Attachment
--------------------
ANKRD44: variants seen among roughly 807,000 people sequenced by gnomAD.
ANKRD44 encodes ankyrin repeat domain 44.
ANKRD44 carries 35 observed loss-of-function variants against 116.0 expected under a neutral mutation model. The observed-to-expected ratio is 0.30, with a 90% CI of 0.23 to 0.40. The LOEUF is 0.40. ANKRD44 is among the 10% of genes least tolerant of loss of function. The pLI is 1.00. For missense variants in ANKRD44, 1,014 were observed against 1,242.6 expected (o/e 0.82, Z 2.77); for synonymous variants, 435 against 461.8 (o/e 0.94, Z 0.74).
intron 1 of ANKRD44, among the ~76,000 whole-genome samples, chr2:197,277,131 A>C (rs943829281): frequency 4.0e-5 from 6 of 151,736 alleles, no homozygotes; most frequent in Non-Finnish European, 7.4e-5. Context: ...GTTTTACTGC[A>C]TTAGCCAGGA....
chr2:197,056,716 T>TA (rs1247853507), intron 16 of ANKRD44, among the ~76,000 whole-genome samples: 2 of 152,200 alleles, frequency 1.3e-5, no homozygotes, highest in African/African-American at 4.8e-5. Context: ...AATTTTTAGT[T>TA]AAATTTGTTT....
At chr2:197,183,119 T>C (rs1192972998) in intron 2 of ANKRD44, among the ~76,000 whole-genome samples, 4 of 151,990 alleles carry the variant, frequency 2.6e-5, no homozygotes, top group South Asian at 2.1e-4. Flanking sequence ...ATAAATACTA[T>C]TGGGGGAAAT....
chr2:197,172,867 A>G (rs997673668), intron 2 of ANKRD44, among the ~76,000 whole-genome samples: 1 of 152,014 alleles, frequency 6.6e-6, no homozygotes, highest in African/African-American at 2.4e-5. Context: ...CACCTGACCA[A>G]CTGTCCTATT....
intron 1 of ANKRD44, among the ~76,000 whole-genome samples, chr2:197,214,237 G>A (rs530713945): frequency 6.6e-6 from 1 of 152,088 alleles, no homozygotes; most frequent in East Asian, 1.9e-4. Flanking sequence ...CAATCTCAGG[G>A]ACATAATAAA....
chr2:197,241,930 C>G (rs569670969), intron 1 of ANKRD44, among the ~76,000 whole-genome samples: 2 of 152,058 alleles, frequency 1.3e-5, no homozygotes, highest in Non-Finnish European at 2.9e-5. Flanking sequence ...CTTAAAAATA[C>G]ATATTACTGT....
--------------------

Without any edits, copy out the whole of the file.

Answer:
ANKRD44: variants seen among roughly 807,000 people sequenced by gnomAD.
ANKRD44 encodes ankyrin repeat domain 44.
ANKRD44 carries 35 observed loss-of-function variants against 116.0 expected under a neutral mutation model. The observed-to-expected ratio is 0.30, with a 90% CI of 0.23 to 0.40. The LOEUF is 0.40. ANKRD44 is among the 10% of genes least tolerant of loss of function. The pLI is 1.00. For missense variants in ANKRD44, 1,014 were observed against 1,242.6 expected (o/e 0.82, Z 2.77); for synonymous variants, 435 against 461.8 (o/e 0.94, Z 0.74).
intron 1 of ANKRD44, among the ~76,000 whole-genome samples, chr2:197,277,131 A>C (rs943829281): frequency 4.0e-5 from 6 of 151,736 alleles, no homozygotes; most frequent in Non-Finnish European, 7.4e-5. Context: ...GTTTTACTGC[A>C]TTAGCCAGGA....
chr2:197,056,716 T>TA (rs1247853507), intron 16 of ANKRD44, among the ~76,000 whole-genome samples: 2 of 152,200 alleles, frequency 1.3e-5, no homozygotes, highest in African/African-American at 4.8e-5. Context: ...AATTTTTAGT[T>TA]AAATTTGTTT....
At chr2:197,183,119 T>C (rs1192972998) in intron 2 of ANKRD44, among the ~76,000 whole-genome samples, 4 of 151,990 alleles carry the variant, frequency 2.6e-5, no homozygotes, top group South Asian at 2.1e-4. Flanking sequence ...ATAAATACTA[T>C]TGGGGGAAAT....
chr2:197,172,867 A>G (rs997673668), intron 2 of ANKRD44, among the ~76,000 whole-genome samples: 1 of 152,014 alleles, frequency 6.6e-6, no homozygotes, highest in African/African-American at 2.4e-5. Context: ...CACCTGACCA[A>G]CTGTCCTATT....
intron 1 of ANKRD44, among the ~76,000 whole-genome samples, chr2:197,214,237 G>A (rs530713945): frequency 6.6e-6 from 1 of 152,088 alleles, no homozygotes; most frequent in East Asian, 1.9e-4. Flanking sequence ...CAATCTCAGG[G>A]ACATAATAAA....
chr2:197,241,930 C>G (rs569670969), intron 1 of ANKRD44, among the ~76,000 whole-genome samples: 2 of 152,058 alleles, frequency 1.3e-5, no homozygotes, highest in Non-Finnish European at 2.9e-5. Flanking sequence ...CTTAAAAATA[C>G]ATATTACTGT....